Comment: The Samsung YP P2 is an excellent player in its own right, only let down by Samsung's proprietary garden and inability to take advantage of their player in certain situations. It offers a wide range of features and executes them quite well, even if it may ocassionally run into a glitch or two. The sound quality is among the best players I've ever heard and isn't that what we buy MP3 Players for? Bluetooth was also a very nice and unique addition, as were many of its prime pack options. The lack of Wi Fi can be forgiven for a player this price but what it does do it does well. The inclusion of tactile buttons is a nice plus and it looks sophisticated enough to make it worth carrying around with you.
The apps were a nice touch (including games, subway maps etc) but could have done more to be more useful.
It looks great, it sounds great and it's a great price. Only let down by its limited format support, lack of some music playback options, some glitches as well as the indirect method of deleting files, it's a player worth owning.
Rating: 4.0 out of 5.0
Comment: The Samsung YP P2 is full of features, including App SupportPacking a text reader, a calculator, a dictionary (Korean firmware only), Games, an Alarm, Voice Recorder, World Clock, Address Book and a Subway Route Map for 24 major cities across the globe, the YP P2 is more swiss army knife than your standard player. However there are shortcomings. The games on offer, while fun won't keep you occupied for very long and it's clear that the instructions were not written by English speakers. There are 5 games available for this player and the potential is there but lack of developer support means there isn't a sleuth of entertainment on offer here (probably thanks to the YP P3). The Text reader is fairly accomplished, allowing you to zoom to different levels and intuitive use of the EmoTure software makes it simple to use. The large screen lends itself to being easily readable but again the lack of format support lets it down (.txt only) although on an MP3 player it can be forgiven. Many of the other functions are fairly basic, useful fo day to day life but nothing too extensive.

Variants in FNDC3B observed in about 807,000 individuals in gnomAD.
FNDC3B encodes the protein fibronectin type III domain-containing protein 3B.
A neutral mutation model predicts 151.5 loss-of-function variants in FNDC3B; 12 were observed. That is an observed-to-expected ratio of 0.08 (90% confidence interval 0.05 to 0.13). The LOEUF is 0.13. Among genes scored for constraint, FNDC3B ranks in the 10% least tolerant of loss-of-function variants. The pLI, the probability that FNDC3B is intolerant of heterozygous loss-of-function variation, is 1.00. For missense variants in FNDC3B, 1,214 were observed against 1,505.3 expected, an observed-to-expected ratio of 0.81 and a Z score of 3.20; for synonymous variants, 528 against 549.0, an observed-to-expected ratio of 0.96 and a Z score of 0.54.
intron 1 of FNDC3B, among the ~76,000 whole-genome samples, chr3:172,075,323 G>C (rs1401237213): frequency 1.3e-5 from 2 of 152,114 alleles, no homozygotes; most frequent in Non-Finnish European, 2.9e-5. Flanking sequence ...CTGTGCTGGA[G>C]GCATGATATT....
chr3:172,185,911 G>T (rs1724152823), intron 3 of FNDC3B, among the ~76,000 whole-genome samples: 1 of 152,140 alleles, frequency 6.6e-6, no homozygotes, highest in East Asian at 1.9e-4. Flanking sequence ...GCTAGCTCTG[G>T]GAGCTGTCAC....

The Subway map feature is perhaps one of the most useful, including maps for 3 major continents and 24 major cities including London, Paris and New York complete with points of interest annotated and explained it is a very useful tool, but lack of written instructions can make it confusing at first.
The prime pack proves fairly useful but in some areas gimped by some shortsighted decisions (e.g. the Calender does not have task support and the lack of developer support means the app function is under utilised).
The YP P2 sounds beautiful and the included earphones are above the standard for many pack in ear phones that I have heard although you'll need to make use of the DNSe EQ settings to get the most out off them. With DNSe, the bass sounded well pronounced and electric guitars powerful and with presence although not enough to overwhelm other parts of the music. The rendition of Mirror's Edge's soundtrack Still Alive was warm and full bodied but the player doesn't quite match the atmosphere of the Creative Zen but it is awesome in its own right.